January seems to have taken over March’s job and roared in like a lion, and has not let up yet. January does not seem ready to leave like a lamb.
Each week, this newsletter seeks to help you understand what’s happening at the local level in and around greater Charlottesville. Governments at all levels in our federal system have been incredibly active at a time when many continue to ask questions about how our democracy works.
There’s an onslaught of information out there every week which eventually leads to decisions being made. It’s my hope to track as many as possible. I write each week to help as many people as possible know what’s going on and how they can get involved. That’s always been important, but perhaps it’s more necessary now than ever.
Thanks to the Piedmont Environmental Council for their support in launching this initiative.
Monday, January 25
There are two meetings in Albemarle County today where a special use permit for a cell phone tower in Greenwood will be discussed. The Historic Preservation Committee will get a briefing on Verizon’s application for a 94-foot-tall monopole to be built near 7418 Greenwood Station Road.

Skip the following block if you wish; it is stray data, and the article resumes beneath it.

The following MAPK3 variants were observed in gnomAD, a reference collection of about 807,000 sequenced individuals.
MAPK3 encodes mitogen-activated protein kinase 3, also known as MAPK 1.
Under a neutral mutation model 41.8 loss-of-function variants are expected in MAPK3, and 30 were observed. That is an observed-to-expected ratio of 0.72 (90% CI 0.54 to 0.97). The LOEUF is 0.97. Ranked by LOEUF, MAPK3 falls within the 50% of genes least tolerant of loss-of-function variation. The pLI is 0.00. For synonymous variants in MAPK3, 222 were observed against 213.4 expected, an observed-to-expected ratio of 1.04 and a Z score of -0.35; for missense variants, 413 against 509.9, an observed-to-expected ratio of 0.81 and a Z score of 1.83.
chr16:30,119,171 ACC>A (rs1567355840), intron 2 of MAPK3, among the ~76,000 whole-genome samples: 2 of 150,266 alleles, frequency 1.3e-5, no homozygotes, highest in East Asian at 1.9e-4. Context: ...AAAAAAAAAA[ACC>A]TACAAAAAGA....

“Verizon has determined that the area surrounding this proposed site needs expanded coverage to better service the nearby residences, businesses, and traffic along the I-64 Interstate,” reads the staff report for the permit application, which carries the name Scruby Property Verizon Wireless. “Therefore, this site is intended to provide infill coverage while also adding additional network capacity by offloading traffic from the company’s nearest existing sites in all directions.”
The application requires a special use permit because of the height. The property is within an entrance corridor which requires review by the Architectural Review Board. The Historic Preservation Committee is receiving the information because the land is within the Greenwood-Afton Rural Historic District. For nearly twenty years, Albemarle has had a policy that discourages towers.
“The most important principle for siting personal wireless service facilities in Albemarle County is visibility,” reads a December 2000 report from Kreines and Kreines Inc. that helped shape the county’s ordinance. “Albemarle County should require that sufficient information be submitted with the application to enable the County to measure the visibility of a facility.”